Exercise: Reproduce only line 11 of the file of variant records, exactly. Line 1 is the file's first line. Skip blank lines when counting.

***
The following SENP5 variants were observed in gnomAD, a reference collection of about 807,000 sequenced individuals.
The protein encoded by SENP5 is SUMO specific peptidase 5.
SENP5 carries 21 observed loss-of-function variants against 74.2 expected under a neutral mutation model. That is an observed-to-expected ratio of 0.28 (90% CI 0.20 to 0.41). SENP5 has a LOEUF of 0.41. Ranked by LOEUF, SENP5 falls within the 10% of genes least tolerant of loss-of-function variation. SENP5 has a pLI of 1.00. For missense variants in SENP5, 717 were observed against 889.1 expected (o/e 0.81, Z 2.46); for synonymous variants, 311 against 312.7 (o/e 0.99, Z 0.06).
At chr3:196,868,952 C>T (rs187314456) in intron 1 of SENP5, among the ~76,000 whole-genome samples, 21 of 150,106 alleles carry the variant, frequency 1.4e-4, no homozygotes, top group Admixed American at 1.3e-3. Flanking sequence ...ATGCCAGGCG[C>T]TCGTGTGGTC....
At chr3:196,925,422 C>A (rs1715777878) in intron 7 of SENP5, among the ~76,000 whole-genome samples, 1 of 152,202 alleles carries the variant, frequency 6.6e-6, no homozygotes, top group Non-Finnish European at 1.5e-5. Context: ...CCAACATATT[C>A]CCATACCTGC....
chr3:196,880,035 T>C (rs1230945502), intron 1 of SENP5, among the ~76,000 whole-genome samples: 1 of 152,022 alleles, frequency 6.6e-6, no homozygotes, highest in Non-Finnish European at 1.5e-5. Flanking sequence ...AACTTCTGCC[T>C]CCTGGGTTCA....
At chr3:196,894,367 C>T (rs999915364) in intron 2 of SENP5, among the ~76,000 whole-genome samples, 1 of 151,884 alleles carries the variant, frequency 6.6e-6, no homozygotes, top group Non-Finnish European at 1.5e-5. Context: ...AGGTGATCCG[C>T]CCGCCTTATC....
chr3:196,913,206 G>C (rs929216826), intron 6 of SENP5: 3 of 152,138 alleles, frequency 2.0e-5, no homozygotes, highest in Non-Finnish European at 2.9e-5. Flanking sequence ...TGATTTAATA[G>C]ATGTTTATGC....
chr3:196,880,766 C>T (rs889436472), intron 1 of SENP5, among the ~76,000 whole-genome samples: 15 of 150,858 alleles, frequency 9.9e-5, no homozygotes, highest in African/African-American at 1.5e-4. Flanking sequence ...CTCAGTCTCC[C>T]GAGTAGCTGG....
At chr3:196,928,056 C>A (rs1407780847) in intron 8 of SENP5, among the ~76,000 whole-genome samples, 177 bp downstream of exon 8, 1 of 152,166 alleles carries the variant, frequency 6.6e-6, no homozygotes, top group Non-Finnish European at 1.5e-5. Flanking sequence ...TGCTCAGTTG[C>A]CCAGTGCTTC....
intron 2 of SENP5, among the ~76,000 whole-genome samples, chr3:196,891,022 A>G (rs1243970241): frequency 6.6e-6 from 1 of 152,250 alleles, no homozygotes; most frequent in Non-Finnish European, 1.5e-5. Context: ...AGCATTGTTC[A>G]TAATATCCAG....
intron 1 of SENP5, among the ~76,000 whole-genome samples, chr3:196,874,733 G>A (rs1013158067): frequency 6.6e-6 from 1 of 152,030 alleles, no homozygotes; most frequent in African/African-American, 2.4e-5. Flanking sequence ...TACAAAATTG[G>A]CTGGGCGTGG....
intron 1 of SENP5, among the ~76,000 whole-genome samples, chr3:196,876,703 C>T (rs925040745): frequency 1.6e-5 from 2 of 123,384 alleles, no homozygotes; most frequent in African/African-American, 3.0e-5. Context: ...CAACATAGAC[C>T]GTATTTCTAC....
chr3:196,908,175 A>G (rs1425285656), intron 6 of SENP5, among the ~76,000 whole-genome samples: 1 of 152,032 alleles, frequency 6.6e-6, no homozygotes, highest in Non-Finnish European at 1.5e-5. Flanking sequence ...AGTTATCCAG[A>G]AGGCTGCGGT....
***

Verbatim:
intron 2 of SENP5, among the ~76,000 whole-genome samples, chr3:196,891,022 A>G (rs1243970241): frequency 6.6e-6 from 1 of 152,250 alleles, no homozygotes; most frequent in Non-Finnish European, 1.5e-5. Context: ...AGCATTGTTC[A>G]TAATATCCAG....